A Fine Example of Culture Jamming

The Yes Men are at it again and this time with Greenpeace to show how efficient Shell is….at killing all of us.

They created a website called Arctic Ready that looks like Shell is looking for crowd sourced advertising content, and of course, people around the net have submitted some pretty great messages.


Here at Shell, we’re committed to online social media. After all, it’s the fuel that lubricates the engines of internet communication.

In June, thousands of you demonstrated this by explaining, online, how Arctic energy production will transform the world and possibly provide affordable fuel for several years.

Today, we want to take the Arctic Ready message offline, directly to the drivers who benefit from Shell’s performance fuels. That’s why we’re launching a new campaign (deadline this Thursday!), from which the best ads will be printed and posted in strategic locations worldwide. With your help, we at Shell can tell the world how pumped we are about Arctic energy, and take the Arctic Ready message to Arctic-enthused drivers everywhere.

So take a moment to add your own slogan to our beautiful new collection of images. The next place you see it might be your own rearview mirror.

Because tomorrow is yesterday, accelerated.

Let’s go.

Arctic Ready

Vancouver Reduces Sexual Assaults by 10% Using Male-Targeted Ads

It’s unfortunate that we still need ad campaigns to remind women to be safe from sexual assault, it’s even more unfortunate that we target these campaigns at women when men cause the vast majority of assaults.

In Vancouver they launched a campaign targeted at men called ‘Don’t Be That Guy’. After running the campaign, which told men not to take advantage of women, the sexual assault rate dropped 10%!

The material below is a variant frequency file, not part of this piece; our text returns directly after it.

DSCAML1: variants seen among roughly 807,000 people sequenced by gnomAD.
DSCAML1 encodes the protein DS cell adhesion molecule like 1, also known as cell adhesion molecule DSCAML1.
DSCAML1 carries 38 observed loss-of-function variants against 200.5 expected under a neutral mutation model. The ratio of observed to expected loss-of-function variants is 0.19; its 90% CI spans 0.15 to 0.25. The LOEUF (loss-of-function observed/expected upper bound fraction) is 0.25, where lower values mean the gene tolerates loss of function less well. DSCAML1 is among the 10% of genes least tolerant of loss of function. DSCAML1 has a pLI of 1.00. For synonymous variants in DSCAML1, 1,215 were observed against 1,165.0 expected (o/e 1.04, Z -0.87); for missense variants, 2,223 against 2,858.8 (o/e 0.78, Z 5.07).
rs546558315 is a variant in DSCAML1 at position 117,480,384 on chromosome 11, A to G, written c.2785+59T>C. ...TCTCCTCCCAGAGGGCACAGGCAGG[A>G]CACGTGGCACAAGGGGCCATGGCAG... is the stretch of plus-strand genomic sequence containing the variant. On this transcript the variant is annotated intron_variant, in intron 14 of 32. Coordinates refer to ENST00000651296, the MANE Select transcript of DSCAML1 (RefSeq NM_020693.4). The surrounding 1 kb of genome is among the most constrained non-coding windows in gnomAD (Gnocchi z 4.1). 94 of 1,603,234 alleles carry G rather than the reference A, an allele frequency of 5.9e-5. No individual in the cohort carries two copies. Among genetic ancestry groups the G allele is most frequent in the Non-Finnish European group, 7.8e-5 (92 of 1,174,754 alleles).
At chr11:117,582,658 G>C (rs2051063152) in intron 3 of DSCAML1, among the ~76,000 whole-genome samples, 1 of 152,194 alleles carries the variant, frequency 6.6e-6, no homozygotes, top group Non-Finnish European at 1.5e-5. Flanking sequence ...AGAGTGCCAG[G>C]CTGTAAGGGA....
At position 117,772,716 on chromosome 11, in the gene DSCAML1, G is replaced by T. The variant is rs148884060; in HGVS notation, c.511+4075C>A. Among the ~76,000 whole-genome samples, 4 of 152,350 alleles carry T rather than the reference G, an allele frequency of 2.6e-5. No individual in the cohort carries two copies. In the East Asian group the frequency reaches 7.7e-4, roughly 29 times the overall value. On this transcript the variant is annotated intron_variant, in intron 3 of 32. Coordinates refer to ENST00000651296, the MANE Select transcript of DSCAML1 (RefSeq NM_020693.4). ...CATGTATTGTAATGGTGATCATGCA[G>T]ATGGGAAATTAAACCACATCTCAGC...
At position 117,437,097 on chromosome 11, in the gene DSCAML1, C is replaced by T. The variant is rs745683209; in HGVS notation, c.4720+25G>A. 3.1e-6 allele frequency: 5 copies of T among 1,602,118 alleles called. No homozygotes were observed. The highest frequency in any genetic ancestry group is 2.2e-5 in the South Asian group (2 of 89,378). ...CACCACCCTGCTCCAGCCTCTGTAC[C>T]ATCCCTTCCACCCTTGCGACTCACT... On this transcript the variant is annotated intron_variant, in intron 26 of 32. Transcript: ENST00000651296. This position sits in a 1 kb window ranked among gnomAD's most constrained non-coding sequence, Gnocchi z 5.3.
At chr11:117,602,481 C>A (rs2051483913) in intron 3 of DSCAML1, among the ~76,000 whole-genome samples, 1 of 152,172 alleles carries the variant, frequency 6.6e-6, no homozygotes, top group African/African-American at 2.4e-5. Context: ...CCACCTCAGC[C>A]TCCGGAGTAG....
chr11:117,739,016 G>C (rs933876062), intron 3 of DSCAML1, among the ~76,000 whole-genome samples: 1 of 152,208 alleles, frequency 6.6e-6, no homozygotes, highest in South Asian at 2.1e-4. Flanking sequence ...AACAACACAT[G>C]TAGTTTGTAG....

The poster is one of three that went up at bars and around the city last summer as part of a campaign to chip away at the increasing rate of sexual assaults in recent years in Vancouver.

Six months later, Deputy Chief Doug LePard says the Don’t Be That Guy campaign has contributed to a turnaround in statistics on sexual offences in Vancouver.

The rate dropped in 2011 by about 10 per cent, the first time in several years it had gone down.

Hopefully we’ll see more public safety campaigns targeted at people who commit the crimes rather than those that are victims.

Read more here.

No More Junk on TV

I couldn’t resist that headline, but it’s close enough. The UK has decided to ban ads that sell junk food to young teens and children.

A total ban on adverts for unhealthy food and drink products around TV programmes for under-16s has come into force.

It extends similar restrictions already in place for shows aimed at children under 10 years old.

The new curbs affect commercials for food and drink products high in fat, salt and sugar.

Adverts around youth-oriented and adult programmes which attract a significantly higher than average proportion of viewers under-16 will also be affected, Ofcom said.

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